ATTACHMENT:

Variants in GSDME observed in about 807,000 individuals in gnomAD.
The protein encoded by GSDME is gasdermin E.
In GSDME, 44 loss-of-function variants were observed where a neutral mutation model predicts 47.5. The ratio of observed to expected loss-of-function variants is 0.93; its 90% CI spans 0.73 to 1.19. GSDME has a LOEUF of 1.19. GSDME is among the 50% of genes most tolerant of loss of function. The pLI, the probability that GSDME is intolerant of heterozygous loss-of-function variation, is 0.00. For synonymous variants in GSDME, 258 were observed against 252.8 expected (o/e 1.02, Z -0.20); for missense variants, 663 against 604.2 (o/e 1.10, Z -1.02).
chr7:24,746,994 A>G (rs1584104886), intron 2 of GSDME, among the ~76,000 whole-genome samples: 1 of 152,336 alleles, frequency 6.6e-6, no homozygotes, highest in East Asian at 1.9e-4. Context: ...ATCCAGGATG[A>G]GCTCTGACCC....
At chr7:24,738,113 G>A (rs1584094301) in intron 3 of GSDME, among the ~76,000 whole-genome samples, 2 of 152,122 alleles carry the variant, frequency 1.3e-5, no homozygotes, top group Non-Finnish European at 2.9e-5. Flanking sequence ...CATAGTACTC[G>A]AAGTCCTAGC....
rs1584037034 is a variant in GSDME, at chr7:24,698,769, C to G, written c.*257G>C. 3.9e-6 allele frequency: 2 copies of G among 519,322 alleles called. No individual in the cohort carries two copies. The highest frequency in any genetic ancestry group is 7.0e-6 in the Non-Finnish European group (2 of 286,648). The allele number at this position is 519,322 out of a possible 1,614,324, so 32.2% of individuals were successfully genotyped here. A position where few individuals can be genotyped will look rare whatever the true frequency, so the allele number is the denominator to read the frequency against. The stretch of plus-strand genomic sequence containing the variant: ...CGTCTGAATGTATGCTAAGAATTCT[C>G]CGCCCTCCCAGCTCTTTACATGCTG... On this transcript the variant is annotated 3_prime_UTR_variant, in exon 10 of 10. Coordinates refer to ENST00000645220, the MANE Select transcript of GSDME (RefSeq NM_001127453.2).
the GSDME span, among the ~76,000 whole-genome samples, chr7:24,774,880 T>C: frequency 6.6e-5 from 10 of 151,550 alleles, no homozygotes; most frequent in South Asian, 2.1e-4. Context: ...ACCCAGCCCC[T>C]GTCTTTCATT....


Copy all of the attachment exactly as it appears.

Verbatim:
Variants in GSDME observed in about 807,000 individuals in gnomAD.
The protein encoded by GSDME is gasdermin E.
In GSDME, 44 loss-of-function variants were observed where a neutral mutation model predicts 47.5. The ratio of observed to expected loss-of-function variants is 0.93; its 90% CI spans 0.73 to 1.19. GSDME has a LOEUF of 1.19. GSDME is among the 50% of genes most tolerant of loss of function. The pLI, the probability that GSDME is intolerant of heterozygous loss-of-function variation, is 0.00. For synonymous variants in GSDME, 258 were observed against 252.8 expected (o/e 1.02, Z -0.20); for missense variants, 663 against 604.2 (o/e 1.10, Z -1.02).
chr7:24,746,994 A>G (rs1584104886), intron 2 of GSDME, among the ~76,000 whole-genome samples: 1 of 152,336 alleles, frequency 6.6e-6, no homozygotes, highest in East Asian at 1.9e-4. Context: ...ATCCAGGATG[A>G]GCTCTGACCC....
At chr7:24,738,113 G>A (rs1584094301) in intron 3 of GSDME, among the ~76,000 whole-genome samples, 2 of 152,122 alleles carry the variant, frequency 1.3e-5, no homozygotes, top group Non-Finnish European at 2.9e-5. Flanking sequence ...CATAGTACTC[G>A]AAGTCCTAGC....
rs1584037034 is a variant in GSDME, at chr7:24,698,769, C to G, written c.*257G>C. 3.9e-6 allele frequency: 2 copies of G among 519,322 alleles called. No individual in the cohort carries two copies. The highest frequency in any genetic ancestry group is 7.0e-6 in the Non-Finnish European group (2 of 286,648). The allele number at this position is 519,322 out of a possible 1,614,324, so 32.2% of individuals were successfully genotyped here. A position where few individuals can be genotyped will look rare whatever the true frequency, so the allele number is the denominator to read the frequency against. The stretch of plus-strand genomic sequence containing the variant: ...CGTCTGAATGTATGCTAAGAATTCT[C>G]CGCCCTCCCAGCTCTTTACATGCTG... On this transcript the variant is annotated 3_prime_UTR_variant, in exon 10 of 10. Coordinates refer to ENST00000645220, the MANE Select transcript of GSDME (RefSeq NM_001127453.2).
the GSDME span, among the ~76,000 whole-genome samples, chr7:24,774,880 T>C: frequency 6.6e-5 from 10 of 151,550 alleles, no homozygotes; most frequent in South Asian, 2.1e-4. Context: ...ACCCAGCCCC[T>C]GTCTTTCATT....